U.S. Attorney’s Testimony Reopens Issue of BCCI Prosecution
WASHINGTON (AP) _ A former U.S. attorney told Congress today that Justice Department officials denied his request last year to enforce subpoenas in several countries against the scandal-ridden Bank of Credit and Commerce International.
The testimony at a Senate hearing of Dexter Lehtinen, a former U.S. attorney in Miami, reopened the issue of whether the Justice Department purposely delayed its prosecution of BCCI.
BCCI pleaded guilty to federal racketeering charges earlier this year and agreed to forfeit a record $550 million in U.S. assets.
Lehtinen said he and his assistants needed to subpoena documents from BCCI in foreign countries where the bank operated, in order to make a case in his investigation of BCCI and its links with the failed CenTrust Savings Bank of Miami.
″The key was getting documents,″ Lehtinen told the Senate Foreign Relations subcommittee on terrorism, narcotics and international operations. ″This was a very serious case.″
Lehtinen, who resigned in January, said that after BCCI failed to comply with subpoenas for bank documents, he asked Justice Department officials to enforce the subpoenas. The officials denied his request, Lehtinen said.
The subcommittee’s chairman, Sen. John Kerry, D-Mass., and other officials, including New York District Attorney Robert Morgenthau, last year accused the Justice Department of foot-dragging in its prosecution of BCCI. Kerry and Morgenthau have never advanced a reason why Justice might have delayed.
″I don’t recall a specific reason for the refusal,″ Lehtinen said.
Justice Department spokeswoman Kristen Gear did not immediately return a telephone call seeking comment. In a report Wednesday, NBC News quoted the department as saying there were no improper delays and that it did approve subpoenas where it found them appropriate.
In a related development Wednesday, the government expanded its criminal case in Miami against David Paul, the ousted chairman of CenTrust, by charging he padded the thrift’s bills to pay for decorating and renovation at his mansions.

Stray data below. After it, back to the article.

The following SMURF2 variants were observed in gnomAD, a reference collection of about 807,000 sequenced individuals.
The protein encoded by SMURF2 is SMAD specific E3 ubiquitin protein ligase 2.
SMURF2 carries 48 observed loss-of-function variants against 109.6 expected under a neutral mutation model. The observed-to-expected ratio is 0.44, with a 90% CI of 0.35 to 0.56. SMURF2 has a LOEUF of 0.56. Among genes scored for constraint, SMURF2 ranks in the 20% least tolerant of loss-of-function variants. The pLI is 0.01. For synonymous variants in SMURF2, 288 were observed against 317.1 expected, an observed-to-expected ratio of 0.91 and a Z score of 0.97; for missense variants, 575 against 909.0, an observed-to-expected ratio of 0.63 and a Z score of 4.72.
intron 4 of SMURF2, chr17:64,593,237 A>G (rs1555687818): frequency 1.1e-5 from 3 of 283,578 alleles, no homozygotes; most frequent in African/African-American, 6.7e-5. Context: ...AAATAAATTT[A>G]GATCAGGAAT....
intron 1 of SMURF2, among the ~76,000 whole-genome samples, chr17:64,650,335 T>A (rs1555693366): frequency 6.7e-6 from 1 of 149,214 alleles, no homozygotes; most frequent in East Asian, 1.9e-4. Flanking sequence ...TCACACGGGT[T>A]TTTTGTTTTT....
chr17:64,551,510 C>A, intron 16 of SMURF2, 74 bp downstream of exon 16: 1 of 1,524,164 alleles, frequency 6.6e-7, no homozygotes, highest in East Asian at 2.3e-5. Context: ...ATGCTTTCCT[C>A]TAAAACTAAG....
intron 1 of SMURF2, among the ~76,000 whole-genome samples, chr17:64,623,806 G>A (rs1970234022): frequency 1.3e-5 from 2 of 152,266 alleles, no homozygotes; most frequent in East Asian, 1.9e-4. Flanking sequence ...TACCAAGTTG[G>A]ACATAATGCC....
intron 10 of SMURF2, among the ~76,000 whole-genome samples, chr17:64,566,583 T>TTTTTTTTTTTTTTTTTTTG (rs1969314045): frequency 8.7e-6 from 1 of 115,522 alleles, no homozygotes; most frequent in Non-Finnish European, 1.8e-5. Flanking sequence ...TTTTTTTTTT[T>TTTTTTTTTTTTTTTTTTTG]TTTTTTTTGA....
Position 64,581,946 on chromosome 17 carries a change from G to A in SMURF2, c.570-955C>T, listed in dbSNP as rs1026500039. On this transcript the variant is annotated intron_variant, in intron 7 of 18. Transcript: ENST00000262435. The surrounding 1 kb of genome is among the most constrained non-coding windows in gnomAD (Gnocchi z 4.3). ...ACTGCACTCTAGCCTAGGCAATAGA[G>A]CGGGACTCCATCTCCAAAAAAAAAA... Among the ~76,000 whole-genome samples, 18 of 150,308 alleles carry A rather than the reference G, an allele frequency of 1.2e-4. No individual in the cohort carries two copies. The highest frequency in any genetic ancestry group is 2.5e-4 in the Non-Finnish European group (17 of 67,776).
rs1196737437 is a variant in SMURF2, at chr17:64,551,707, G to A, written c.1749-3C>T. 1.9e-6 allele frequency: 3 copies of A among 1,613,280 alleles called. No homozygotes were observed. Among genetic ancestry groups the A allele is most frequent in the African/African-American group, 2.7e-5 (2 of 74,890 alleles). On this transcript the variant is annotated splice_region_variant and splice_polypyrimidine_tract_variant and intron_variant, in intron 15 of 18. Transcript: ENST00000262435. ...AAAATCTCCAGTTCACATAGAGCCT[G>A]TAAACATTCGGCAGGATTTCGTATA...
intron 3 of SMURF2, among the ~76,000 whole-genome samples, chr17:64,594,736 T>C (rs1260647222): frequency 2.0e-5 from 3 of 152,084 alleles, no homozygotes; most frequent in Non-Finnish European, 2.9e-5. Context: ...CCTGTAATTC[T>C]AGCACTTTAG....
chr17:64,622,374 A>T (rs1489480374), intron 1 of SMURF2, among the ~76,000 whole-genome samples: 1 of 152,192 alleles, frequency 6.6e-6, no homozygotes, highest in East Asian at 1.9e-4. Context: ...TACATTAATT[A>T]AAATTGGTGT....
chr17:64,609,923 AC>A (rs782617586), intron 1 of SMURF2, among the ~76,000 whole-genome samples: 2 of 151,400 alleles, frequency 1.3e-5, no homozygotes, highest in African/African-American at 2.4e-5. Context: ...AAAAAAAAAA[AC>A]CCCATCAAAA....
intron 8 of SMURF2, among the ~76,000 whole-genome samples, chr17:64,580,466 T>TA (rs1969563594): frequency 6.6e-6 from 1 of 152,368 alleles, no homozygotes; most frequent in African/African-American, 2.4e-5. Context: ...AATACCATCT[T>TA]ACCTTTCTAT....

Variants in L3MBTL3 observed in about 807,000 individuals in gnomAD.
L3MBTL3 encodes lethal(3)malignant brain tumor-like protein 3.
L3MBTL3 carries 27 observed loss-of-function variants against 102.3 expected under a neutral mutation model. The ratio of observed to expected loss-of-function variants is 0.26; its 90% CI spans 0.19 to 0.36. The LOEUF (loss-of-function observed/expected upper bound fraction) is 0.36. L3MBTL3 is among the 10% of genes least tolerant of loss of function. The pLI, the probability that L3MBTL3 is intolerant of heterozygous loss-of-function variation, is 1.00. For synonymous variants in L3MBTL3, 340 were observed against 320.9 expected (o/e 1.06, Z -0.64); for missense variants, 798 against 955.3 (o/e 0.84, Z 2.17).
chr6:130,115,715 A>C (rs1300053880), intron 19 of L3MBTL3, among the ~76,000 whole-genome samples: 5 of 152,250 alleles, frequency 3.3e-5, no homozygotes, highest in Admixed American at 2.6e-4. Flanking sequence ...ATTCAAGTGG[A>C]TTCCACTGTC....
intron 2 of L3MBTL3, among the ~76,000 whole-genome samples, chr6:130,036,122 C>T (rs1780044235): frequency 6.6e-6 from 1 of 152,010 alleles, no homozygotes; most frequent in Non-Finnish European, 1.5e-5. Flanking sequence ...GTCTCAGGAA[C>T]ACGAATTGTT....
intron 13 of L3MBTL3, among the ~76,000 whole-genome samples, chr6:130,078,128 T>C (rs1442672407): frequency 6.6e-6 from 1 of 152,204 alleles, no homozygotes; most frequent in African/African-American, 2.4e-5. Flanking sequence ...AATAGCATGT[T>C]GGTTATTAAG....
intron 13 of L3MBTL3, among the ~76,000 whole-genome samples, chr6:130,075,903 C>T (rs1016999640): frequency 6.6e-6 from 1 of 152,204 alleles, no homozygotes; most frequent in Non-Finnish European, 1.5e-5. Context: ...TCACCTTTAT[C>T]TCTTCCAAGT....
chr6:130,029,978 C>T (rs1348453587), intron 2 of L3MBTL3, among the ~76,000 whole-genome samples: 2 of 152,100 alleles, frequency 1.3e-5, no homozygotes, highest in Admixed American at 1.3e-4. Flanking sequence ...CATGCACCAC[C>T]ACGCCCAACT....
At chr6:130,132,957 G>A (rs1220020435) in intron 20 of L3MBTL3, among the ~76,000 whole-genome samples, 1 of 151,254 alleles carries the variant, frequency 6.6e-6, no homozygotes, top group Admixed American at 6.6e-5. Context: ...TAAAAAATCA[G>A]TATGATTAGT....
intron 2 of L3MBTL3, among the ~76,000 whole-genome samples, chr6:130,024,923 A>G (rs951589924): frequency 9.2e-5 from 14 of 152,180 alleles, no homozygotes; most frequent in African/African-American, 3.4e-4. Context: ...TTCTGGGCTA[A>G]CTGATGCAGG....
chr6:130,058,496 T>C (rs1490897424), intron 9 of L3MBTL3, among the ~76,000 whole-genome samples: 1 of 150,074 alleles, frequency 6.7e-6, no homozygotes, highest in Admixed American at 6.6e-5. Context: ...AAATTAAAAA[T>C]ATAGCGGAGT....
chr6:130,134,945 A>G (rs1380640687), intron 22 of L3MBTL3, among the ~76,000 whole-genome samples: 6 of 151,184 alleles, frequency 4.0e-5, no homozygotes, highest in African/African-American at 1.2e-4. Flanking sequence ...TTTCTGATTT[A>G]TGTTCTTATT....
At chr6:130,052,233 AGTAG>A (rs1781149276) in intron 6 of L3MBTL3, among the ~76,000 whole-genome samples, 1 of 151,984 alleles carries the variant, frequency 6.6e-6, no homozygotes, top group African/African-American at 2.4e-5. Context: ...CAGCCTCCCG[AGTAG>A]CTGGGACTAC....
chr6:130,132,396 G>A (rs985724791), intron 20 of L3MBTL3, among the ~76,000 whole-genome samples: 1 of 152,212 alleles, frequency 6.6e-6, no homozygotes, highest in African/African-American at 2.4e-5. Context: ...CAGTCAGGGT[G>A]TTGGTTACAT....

Paul, whose free-spending ways made him a symbol of the savings and loan crisis, was charged in the new indictment with racketeering, conspiracy, fraud, perjury, filing false income tax returns and doctoring CenTrust records.
In February, Paul was indicted on federal conspiracy and fraud charges alleging that he propped up the failing CenTrust with a $25 million sham purchase of securities by BCCI.
At today’s hearing, Lehtinen said he wrote last year to Justice Department officials seeking permission to enforce subpoenas against BCCI in nine countries: Panama, Switzerland, Britain, France, the Netherlands, Luxembourg, the United Arab Emirates, the Bahamas and the Cayman Islands. Lehtinen said the officials at first denied his request entirely, then eventually permitted subpoenas to be enforced only in Panama and the United Arab Emirates.
NBC News said Wednesday it had obtained a letter showing that then-acting Attorney General William P. Barr directed Lehtinen last year not to indict BCCI and five bank officials just one day before an indictment was to be handed up. The indictment was not approved by the Justice Department until three months later, according to NBC.
Barr replaced Dick Thornburgh as attorney general late last year.
Lehtinen, who also oversaw the government’s prosecution of deposed Panamanian dictator Manuel Noriega, resigned in January after an internal Justice Department report criticized his conduct in office.
At the time, The Washington Post quoted unidentified law-enforcement sources as saying Barr did not want Lehtinen to remain in office after receiving the report.
But Lehtinen said the report concluded that he did not act in ″an unethical and improper manner″ when he publicly cleared a prominent fellow Republican office holder, Broward Country (Fla.) Sheriff Nick Navarro, in a corruption investigation without consulting with his assistants handling the case.